The controversial Film and Publications Bill was brought back into the
spotlight after the South African National Editors’ Forum (Sanef) and
the government agreed to allow a joint legal team to discuss all of
Sanef’s reservations on the draft bill, writes Thom McLachlan in Business Day.

At the meeting, in Cape Town Wed, the government also expressed concern regarding “the media’s handling of the right to privacy in general and the specific matter of respect for the principle of patient and doctor confidentiality,” according to a joint statement released late yesterday.

The meeting came at a time when print media are under attack for the way in which Health Minister Manto Tshabalala-Msimang’s personal medical records were publicised by the Sunday Times.

Last week the SABC announced it was ending its Sanef membership as a result of the umbrella body’s support for the Sunday Times. The SABC has put itself in the firing line for distancing itself from mainstream media.

While the government “reaffirmed its commitment to the constitutionally guaranteed right to a free press” after the meeting with Sanef, it said dialogue was needed “on the ethics that must guide the media in exercising this right”.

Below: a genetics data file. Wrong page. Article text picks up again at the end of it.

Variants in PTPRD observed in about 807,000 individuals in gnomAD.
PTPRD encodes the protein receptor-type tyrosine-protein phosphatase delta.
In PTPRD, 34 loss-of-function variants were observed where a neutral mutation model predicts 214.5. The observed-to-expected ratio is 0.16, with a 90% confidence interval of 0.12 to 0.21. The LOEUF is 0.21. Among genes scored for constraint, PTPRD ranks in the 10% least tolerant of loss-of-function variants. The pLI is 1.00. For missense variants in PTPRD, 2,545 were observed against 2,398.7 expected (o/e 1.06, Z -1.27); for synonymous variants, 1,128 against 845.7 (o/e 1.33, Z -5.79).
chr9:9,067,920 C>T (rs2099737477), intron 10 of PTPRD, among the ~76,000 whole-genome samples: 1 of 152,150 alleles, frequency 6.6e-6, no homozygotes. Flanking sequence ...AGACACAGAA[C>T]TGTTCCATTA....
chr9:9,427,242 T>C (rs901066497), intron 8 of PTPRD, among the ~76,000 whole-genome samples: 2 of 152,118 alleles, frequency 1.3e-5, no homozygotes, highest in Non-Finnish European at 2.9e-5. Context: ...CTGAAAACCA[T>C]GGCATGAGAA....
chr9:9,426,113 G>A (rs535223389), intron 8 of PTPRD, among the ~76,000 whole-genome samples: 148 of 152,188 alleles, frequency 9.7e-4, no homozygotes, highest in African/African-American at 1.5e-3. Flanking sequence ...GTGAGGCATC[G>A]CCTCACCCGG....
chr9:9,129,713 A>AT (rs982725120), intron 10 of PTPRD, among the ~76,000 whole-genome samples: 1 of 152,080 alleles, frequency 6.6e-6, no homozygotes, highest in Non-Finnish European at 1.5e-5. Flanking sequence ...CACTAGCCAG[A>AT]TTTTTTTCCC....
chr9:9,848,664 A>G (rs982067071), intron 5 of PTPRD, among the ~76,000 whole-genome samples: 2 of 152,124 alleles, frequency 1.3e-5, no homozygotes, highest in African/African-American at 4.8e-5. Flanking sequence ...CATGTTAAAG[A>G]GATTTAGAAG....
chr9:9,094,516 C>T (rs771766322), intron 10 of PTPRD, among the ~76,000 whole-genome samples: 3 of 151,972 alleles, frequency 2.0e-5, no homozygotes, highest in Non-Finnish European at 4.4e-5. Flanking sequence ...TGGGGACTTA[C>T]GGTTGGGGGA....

The parties agreed to hold a seminar to discuss the issue.

Meanwhile, the Media Institute of Southern Africa (Misa) added its voice to the debate, saying that the SABC had demonstrated nothing but “arrogance” in pulling out of Sanef.

Misa spokesman Dumisani Nyalunga said in a statement that the SABC’s “drastic position” was a clear departure from the mainstream media and seemed to suggest it was “distancing itself from being a media house”.

Click here to read the full report, posted on Business Day's website.